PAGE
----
GREENVILLE, S.C. (AP) -- TD Bank is showing it just isn't manufacturing jobs coming to South Carolina.
The bank celebrated the opening of its call center at its Southeast regional hub in Greenville on Friday. The hub contains lenders, technology workers and employee training as well as a call center. The bank's campus has 600 workers and the company is adding 30 new employees a month with a goal to have 1,400 workers in the next three to five years, TD Bank Regional President Rob Hoak said.
The grand opening of the call center came after a series of groundbreakings for distribution centers, tire makers and other manufacturers over the past few years. South Carolina's unemployment rate has dropped from 11.9 percent to 8.6 percent over the past three years. House Speaker Bobby Harrell said state leaders have worked hard to fight back after the Great Recession.
"We are a pro-business state. We've passed tort reform, we've passed workers' comp reform, we've passed right-to-work legislation. We recognize that our job, our goal is to provide an environment to allow businesses to expand and grow," Harrell said.
The call center sits on two floors. It is painted in cheerful colors. The first floor is surrounded by windows, and employees, who are constantly starting work throughout the day, are rotated around the room to cubicles keep the sun out of their eyes. The second floor has giant murals of South Carolina scenes, like beaches, forests and farmland.
Many of them wore shirts or ties or even silly hats in TD Bank's trademark green. And they were working as the ceremony took place in the lobby.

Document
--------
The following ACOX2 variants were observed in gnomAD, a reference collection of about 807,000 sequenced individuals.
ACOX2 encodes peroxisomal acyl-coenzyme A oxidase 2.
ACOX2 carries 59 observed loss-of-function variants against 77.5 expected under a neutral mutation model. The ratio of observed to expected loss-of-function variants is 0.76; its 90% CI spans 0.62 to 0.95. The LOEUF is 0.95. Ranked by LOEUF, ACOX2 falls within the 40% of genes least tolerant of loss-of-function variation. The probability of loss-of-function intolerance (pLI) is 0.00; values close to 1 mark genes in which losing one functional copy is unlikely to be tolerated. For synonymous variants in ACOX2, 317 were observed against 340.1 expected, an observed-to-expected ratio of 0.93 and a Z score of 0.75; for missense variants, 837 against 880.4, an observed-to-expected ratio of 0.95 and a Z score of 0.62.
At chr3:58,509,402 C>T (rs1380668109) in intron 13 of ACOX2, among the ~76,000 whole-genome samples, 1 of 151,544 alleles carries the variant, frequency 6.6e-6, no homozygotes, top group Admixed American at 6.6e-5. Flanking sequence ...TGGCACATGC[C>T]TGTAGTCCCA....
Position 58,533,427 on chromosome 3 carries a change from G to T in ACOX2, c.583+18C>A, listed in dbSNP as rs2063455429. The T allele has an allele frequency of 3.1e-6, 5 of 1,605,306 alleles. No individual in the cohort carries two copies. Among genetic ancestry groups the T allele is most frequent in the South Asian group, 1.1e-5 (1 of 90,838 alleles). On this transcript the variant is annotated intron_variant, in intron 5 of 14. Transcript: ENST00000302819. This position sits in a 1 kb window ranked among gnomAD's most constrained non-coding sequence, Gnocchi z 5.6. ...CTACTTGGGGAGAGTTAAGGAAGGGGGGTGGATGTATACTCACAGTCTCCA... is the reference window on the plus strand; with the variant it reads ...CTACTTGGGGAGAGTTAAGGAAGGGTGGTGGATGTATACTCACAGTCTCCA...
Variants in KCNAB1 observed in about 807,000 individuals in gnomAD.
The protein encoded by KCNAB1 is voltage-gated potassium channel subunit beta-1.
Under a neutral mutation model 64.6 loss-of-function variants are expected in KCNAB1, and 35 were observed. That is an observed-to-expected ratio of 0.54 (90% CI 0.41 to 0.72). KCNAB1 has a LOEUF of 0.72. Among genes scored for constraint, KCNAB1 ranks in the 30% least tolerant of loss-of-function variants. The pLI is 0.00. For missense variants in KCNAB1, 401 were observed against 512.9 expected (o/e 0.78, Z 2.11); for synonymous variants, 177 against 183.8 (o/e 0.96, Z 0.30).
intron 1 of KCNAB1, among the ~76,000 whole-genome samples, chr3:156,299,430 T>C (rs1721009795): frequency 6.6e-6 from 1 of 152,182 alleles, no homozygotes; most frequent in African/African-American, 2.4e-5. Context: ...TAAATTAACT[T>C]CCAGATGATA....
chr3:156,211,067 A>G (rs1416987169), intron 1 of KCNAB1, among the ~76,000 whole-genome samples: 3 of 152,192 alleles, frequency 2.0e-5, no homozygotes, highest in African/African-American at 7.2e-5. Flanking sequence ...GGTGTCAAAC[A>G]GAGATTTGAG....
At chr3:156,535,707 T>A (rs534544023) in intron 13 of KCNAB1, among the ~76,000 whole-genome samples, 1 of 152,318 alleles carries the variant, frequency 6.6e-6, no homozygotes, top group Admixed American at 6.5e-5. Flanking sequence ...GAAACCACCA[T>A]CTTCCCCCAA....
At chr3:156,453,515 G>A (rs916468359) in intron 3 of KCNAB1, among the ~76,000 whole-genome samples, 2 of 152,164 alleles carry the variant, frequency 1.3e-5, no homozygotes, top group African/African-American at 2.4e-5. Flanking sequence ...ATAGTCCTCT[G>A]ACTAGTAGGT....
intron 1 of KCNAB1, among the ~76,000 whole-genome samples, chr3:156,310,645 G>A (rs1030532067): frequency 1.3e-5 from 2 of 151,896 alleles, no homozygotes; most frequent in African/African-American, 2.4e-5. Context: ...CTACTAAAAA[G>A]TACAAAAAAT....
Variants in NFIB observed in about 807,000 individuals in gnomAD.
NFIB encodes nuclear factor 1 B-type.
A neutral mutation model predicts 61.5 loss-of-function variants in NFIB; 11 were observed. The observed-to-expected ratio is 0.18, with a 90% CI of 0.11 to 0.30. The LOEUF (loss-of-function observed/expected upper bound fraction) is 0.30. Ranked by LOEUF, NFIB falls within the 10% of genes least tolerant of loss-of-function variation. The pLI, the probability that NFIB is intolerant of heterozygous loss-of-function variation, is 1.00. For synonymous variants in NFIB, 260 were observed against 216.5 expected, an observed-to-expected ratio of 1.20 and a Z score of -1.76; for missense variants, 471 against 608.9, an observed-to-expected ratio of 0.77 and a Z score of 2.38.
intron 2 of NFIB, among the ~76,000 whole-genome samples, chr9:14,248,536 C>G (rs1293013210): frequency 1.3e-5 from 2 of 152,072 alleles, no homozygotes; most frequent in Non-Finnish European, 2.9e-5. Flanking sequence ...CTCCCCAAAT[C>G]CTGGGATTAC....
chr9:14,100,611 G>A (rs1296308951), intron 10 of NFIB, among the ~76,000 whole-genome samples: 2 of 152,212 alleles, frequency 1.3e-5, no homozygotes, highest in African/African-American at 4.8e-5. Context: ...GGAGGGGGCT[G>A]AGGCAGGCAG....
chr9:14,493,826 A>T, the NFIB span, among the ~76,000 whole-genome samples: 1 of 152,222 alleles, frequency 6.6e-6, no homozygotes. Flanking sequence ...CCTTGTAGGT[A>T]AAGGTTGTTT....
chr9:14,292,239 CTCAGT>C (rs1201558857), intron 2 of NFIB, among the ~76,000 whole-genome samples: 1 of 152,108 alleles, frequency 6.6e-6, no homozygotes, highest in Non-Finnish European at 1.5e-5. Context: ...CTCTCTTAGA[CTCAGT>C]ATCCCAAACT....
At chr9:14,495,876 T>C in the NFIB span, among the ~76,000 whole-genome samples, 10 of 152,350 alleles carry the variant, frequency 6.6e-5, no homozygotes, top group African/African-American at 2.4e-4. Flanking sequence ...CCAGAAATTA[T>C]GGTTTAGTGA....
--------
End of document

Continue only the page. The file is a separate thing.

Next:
TD Bank picked Greenville as its Southeastern hub last year. The company's dual U.S. headquarters remain in New Jersey and Maine. Hoak said the company has been happy with the quality of workers it has found in South Carolina, and gets thousands of applications for the wide range of its open positions.
The company used a research firm to choose where to locate its new hub, taking into account education levels, cost of living, housing prices and average wages, among other factors, Hoak said.
"It all came back to Greenville. And we considered cities like Charlotte, Atlanta, Miami, Tampa, Orlando," Hoak said.
TD Bank's three gleaming buildings sit just off Interstate 85, right by Clemson University's International Center for Automotive Research. The complex's eye-catching architecture gives the Upstate landmarks other than the giant peach in Gaffney and BMW in Greer along one of the state's busiest roads. Greenville Mayor Knox White said an out-of-town friend who frequently drives from Atlanta to Washington, D.C., said it is the prettiest thing he sees.
"Perhaps those of us who live here and are close to it don't see it every day," White said. "But more and more, thousands of people do. This is our face. This is our front door."